Buyers Guide to:
1987 to 1991
The BMW Car Club
Thanks to unusual styling and rather eye-catching sliding doors, the quirky BMW Z1 certainly drew plenty of attention when it was launched at the 1987 Frankfurt Motor Show. Featuring a galvanised steel chassis and plastic panels that could supposedly be swapped in around 40 minutes according to BMW (though hours or days were more like it), it was those doors that captured most attention. Belt-driven, they slid down into the sills which looked great but made entry and exit slightly undignified. Powered by the 170bhp straight-six engine from the 325i saloon, performance was useful rather than outstanding but it was the looks that counted most. Around 8000 were built (just 86 came to the UK, all in left-hand drive) and production ended in 1991.
- See checklist below.
- The chassis for rust. It was galvanised so corrosion is rarely an issue, but it could be a sign of previous accident damage
- The condition of the thermoplastic panels, along with their mounting points ensuring the areas around fixings aren’t cracked or missing the washers. Cracks or damage to panels can be costly to repair, and it’s worth examining the alignment, too; it’s not easy to get right so misalignment could point to previous repair or removal
- That the doors operate smoothly, release via both internal and external handles, and align correctly with other panels. Repairs to the belts and electrical mechanism aren’t as dif cult as you’d think, but it’s a good haggling point if work is needed. Scratched paintwork on the doors points to alignment issues
- The condition of the light units. Many parts are unique to the Z1 making them harder to source and often expensive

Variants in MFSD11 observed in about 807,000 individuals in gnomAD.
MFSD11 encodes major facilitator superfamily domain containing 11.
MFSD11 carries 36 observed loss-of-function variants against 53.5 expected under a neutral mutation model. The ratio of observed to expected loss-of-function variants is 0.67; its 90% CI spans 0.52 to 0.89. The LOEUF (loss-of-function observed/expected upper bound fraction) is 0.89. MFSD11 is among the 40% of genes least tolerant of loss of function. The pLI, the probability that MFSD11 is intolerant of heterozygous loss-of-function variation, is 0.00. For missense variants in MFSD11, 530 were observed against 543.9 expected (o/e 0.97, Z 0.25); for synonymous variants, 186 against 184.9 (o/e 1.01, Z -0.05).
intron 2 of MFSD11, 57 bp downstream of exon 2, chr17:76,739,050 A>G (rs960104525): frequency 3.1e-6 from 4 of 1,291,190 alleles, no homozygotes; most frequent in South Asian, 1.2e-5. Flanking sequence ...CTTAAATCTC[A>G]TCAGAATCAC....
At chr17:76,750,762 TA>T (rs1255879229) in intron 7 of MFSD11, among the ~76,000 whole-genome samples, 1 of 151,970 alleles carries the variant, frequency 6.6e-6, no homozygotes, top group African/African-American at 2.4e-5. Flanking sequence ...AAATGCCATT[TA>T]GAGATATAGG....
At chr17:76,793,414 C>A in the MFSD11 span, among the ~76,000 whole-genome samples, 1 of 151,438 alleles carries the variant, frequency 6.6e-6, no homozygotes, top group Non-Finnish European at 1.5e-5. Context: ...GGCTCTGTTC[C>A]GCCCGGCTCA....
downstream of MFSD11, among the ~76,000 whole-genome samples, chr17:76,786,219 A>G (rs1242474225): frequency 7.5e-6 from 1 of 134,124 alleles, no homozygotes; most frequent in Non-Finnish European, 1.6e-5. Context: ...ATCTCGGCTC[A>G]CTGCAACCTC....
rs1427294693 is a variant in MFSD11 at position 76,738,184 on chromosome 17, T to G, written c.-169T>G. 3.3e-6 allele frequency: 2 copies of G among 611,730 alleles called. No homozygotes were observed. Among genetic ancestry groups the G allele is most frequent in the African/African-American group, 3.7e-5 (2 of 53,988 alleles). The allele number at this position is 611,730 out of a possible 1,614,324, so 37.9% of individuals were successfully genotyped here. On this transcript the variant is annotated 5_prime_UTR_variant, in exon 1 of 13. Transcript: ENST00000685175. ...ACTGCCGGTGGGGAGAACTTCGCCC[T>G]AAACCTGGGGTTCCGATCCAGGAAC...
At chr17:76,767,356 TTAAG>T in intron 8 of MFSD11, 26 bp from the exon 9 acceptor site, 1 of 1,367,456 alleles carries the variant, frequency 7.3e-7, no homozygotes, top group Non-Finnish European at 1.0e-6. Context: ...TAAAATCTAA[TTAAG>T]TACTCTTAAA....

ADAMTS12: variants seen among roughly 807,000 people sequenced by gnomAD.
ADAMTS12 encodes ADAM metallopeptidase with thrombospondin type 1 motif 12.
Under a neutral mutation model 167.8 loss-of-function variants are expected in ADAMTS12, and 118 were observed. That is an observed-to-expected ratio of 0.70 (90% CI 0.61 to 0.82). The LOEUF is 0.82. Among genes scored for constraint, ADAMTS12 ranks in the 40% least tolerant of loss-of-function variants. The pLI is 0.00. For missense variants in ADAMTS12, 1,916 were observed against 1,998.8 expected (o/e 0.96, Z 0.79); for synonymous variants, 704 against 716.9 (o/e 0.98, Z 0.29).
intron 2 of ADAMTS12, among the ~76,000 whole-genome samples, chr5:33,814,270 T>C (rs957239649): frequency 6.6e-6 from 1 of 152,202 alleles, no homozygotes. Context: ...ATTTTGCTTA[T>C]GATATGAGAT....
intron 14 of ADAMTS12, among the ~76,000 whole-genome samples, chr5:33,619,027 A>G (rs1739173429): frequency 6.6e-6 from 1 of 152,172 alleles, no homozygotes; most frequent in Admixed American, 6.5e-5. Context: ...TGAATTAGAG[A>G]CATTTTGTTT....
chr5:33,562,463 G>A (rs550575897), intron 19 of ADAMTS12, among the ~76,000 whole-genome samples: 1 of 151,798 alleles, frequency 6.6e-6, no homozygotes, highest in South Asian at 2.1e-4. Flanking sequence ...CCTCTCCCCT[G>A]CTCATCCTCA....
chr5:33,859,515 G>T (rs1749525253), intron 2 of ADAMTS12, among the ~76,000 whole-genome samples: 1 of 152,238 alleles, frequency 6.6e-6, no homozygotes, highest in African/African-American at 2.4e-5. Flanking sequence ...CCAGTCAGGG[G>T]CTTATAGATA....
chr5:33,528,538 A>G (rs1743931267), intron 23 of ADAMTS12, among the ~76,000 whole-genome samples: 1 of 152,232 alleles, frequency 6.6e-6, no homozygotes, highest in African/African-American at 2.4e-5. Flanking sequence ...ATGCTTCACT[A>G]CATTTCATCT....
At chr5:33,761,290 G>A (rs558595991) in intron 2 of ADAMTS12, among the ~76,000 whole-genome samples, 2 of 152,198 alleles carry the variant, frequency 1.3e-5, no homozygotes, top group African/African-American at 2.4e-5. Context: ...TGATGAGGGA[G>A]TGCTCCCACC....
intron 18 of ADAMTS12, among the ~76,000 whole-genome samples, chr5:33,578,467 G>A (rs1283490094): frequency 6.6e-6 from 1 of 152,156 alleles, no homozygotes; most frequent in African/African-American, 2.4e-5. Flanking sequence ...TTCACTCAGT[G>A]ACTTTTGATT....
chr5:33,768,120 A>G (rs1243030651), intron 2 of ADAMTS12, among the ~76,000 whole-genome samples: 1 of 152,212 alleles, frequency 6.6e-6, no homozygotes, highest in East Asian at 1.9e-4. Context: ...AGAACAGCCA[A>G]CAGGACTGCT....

- The engine for oil leaks; signs of overheating or head gasket failure; noisy valve-gear; and issues with the engine electronics
- For evidence of regular servicing. Regular oil and filter changes are needed for longevity and you’ll want to be sure that the cam belt has been changed on time
- The exhaust system for damage or corrosion. The rearmost silencer is unique to the Z1 and a replacement is around £1000 for an original part
- That the gearbox doesn’t exhibit any whines or crunching from worn synchromesh. It’s not known to give problems, though, unless abused. Likewise, the clutch should be trouble-free but replacing it is quite involved so be wary if it’s noisy or slipping
- For worn suspension or brake components; an overhaul isn’t prohibitively expensive but budget accordingly. The steering rack is unique to the Z1, and can suffer from wear in the universal joint, so ensure the steering is free of play on the test drive
- The interior and boot for signs of water leaks caused by perished seals
- The cabin for scuffed leather seats and for damage to trim and interior panels caused by clumsy entry and exit. And electrical issues aren’t unknown so it’s worth checking that everything works
- That the hood and rear window are undamaged, making sure you see them in operation when you view the car
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